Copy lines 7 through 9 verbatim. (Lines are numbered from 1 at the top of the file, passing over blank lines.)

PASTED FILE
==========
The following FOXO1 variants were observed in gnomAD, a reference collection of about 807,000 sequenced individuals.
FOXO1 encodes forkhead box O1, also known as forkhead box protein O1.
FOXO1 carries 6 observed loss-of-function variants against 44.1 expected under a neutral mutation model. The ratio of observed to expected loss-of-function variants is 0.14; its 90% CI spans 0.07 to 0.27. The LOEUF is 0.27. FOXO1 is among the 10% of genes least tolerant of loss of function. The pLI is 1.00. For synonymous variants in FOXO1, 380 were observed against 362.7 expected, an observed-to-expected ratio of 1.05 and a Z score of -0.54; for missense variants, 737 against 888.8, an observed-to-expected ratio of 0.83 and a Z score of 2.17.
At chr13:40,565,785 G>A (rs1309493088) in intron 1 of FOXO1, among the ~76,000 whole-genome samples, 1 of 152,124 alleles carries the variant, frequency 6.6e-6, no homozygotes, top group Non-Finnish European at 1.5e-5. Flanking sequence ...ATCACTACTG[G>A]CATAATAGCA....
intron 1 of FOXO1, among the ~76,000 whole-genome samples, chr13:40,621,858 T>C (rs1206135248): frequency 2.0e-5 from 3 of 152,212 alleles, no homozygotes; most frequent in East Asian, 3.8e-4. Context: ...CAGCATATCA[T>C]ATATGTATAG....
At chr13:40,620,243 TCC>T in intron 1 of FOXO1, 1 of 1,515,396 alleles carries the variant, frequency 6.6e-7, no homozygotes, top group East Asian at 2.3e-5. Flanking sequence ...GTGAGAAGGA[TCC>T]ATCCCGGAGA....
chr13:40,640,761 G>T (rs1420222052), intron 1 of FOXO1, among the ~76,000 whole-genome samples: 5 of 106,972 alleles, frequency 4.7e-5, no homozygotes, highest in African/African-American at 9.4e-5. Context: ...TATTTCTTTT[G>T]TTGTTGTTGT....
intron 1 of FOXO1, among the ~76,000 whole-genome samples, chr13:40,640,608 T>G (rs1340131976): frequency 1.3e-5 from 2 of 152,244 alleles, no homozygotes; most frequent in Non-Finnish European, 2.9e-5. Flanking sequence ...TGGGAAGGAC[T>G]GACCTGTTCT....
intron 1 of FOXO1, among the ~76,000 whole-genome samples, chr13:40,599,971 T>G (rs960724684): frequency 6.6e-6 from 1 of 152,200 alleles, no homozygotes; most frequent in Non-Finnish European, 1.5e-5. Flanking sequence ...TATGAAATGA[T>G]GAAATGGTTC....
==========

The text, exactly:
chr13:40,640,761 G>T (rs1420222052), intron 1 of FOXO1, among the ~76,000 whole-genome samples: 5 of 106,972 alleles, frequency 4.7e-5, no homozygotes, highest in African/African-American at 9.4e-5. Context: ...TATTTCTTTT[G>T]TTGTTGTTGT....
intron 1 of FOXO1, among the ~76,000 whole-genome samples, chr13:40,640,608 T>G (rs1340131976): frequency 1.3e-5 from 2 of 152,244 alleles, no homozygotes; most frequent in Non-Finnish European, 2.9e-5. Flanking sequence ...TGGGAAGGAC[T>G]GACCTGTTCT....
intron 1 of FOXO1, among the ~76,000 whole-genome samples, chr13:40,599,971 T>G (rs960724684): frequency 6.6e-6 from 1 of 152,200 alleles, no homozygotes; most frequent in Non-Finnish European, 1.5e-5. Flanking sequence ...TATGAAATGA[T>G]GAAATGGTTC....